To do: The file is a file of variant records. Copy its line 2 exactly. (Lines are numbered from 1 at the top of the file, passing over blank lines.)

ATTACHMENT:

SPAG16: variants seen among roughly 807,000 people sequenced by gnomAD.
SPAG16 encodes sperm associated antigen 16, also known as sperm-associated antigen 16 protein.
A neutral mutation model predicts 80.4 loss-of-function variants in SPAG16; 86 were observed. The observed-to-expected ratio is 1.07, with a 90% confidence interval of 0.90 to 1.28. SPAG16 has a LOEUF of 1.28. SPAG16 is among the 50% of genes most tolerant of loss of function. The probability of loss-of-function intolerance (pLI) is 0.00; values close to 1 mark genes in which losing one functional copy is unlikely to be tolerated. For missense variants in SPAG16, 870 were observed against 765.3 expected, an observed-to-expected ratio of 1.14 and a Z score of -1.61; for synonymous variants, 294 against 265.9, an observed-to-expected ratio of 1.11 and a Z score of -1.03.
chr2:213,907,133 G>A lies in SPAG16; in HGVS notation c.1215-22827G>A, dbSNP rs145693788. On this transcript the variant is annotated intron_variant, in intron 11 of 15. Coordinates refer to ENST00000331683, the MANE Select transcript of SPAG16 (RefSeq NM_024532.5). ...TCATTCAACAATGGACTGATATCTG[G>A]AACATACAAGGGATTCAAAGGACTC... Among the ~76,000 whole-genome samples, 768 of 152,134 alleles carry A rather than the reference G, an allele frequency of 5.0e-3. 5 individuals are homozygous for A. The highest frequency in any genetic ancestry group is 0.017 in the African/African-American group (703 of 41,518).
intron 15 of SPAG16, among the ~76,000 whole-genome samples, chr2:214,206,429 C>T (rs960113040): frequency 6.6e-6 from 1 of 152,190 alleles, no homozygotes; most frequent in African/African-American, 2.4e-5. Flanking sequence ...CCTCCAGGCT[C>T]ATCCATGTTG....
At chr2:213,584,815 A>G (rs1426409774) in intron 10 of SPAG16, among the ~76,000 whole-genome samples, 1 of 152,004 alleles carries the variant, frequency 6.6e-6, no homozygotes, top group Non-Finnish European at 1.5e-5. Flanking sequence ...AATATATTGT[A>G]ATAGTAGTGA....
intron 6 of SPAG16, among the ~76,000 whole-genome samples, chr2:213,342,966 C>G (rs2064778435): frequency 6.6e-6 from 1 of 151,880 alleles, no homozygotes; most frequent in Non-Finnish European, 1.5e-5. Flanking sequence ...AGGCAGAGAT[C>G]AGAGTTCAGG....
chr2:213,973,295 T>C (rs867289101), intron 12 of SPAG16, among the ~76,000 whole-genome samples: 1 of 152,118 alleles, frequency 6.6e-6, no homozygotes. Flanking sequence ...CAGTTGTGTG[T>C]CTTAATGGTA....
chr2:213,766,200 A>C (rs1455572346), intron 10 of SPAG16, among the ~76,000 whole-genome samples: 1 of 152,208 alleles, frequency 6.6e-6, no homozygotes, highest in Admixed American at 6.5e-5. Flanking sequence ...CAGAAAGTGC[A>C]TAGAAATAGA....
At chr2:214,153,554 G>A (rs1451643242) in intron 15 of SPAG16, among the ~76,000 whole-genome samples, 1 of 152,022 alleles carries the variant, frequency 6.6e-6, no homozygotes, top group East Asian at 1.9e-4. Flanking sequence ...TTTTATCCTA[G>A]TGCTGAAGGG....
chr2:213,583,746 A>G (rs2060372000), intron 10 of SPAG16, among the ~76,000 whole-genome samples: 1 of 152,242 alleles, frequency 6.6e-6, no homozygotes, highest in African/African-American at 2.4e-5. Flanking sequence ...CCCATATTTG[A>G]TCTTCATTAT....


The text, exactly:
SPAG16 encodes sperm associated antigen 16, also known as sperm-associated antigen 16 protein.